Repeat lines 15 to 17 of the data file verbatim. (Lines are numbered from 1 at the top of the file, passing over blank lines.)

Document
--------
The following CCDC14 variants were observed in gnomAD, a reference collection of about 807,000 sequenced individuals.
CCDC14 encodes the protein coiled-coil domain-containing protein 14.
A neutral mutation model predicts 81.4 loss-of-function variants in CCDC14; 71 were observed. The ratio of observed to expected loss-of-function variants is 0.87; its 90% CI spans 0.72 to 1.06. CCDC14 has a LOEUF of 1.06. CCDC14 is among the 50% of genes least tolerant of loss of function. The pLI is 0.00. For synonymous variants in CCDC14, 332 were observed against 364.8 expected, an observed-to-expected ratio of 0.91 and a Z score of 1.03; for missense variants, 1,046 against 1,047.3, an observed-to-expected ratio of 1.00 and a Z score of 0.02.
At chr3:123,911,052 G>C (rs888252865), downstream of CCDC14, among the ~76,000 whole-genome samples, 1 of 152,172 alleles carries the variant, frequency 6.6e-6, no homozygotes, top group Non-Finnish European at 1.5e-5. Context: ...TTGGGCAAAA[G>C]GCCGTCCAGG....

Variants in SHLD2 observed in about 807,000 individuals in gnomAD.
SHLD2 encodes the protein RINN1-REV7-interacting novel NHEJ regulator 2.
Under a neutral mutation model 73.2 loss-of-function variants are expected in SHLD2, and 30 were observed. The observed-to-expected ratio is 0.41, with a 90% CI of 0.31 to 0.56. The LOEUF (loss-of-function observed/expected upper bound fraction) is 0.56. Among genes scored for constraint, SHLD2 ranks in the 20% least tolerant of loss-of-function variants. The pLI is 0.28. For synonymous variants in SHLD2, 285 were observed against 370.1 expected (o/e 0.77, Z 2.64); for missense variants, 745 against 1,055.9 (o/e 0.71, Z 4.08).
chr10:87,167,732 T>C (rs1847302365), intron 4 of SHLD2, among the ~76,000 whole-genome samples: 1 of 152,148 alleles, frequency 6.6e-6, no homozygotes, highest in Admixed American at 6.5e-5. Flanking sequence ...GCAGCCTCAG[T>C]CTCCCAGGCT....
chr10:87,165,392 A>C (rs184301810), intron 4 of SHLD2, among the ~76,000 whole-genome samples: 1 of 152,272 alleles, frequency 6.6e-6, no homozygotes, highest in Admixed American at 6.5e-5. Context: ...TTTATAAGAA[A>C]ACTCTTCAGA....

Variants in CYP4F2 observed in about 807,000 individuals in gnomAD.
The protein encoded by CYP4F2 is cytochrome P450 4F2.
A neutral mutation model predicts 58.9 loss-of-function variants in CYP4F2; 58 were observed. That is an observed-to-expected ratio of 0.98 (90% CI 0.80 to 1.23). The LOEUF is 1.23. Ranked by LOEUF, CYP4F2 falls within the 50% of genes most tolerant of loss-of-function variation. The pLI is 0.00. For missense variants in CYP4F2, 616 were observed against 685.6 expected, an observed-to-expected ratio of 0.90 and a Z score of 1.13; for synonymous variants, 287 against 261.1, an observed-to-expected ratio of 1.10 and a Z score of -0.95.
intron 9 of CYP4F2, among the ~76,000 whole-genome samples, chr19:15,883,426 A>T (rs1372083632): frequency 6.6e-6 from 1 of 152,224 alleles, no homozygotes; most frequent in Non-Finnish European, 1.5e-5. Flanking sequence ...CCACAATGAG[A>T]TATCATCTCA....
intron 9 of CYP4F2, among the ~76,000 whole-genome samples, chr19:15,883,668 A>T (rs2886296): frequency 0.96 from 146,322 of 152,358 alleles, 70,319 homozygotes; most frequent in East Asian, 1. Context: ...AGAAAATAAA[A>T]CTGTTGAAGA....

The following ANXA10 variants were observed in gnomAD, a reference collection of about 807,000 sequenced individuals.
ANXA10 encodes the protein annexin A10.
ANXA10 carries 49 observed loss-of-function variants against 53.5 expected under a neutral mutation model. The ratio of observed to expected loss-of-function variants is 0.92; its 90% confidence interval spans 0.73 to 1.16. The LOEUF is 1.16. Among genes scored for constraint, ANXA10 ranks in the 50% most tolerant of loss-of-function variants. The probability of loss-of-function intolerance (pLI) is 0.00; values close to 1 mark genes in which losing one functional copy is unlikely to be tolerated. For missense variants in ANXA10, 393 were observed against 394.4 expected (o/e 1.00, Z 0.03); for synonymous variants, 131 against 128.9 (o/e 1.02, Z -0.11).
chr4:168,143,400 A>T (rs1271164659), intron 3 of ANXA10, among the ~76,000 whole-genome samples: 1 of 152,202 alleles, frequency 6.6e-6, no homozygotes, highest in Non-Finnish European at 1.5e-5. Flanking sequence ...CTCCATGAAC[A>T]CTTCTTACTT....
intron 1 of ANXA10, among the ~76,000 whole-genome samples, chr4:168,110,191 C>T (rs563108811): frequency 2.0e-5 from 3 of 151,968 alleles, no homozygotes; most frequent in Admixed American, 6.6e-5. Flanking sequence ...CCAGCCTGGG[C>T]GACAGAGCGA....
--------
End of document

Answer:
The following ANXA10 variants were observed in gnomAD, a reference collection of about 807,000 sequenced individuals.
ANXA10 encodes the protein annexin A10.
ANXA10 carries 49 observed loss-of-function variants against 53.5 expected under a neutral mutation model. The ratio of observed to expected loss-of-function variants is 0.92; its 90% confidence interval spans 0.73 to 1.16. The LOEUF is 1.16. Among genes scored for constraint, ANXA10 ranks in the 50% most tolerant of loss-of-function variants. The probability of loss-of-function intolerance (pLI) is 0.00; values close to 1 mark genes in which losing one functional copy is unlikely to be tolerated. For missense variants in ANXA10, 393 were observed against 394.4 expected (o/e 1.00, Z 0.03); for synonymous variants, 131 against 128.9 (o/e 1.02, Z -0.11).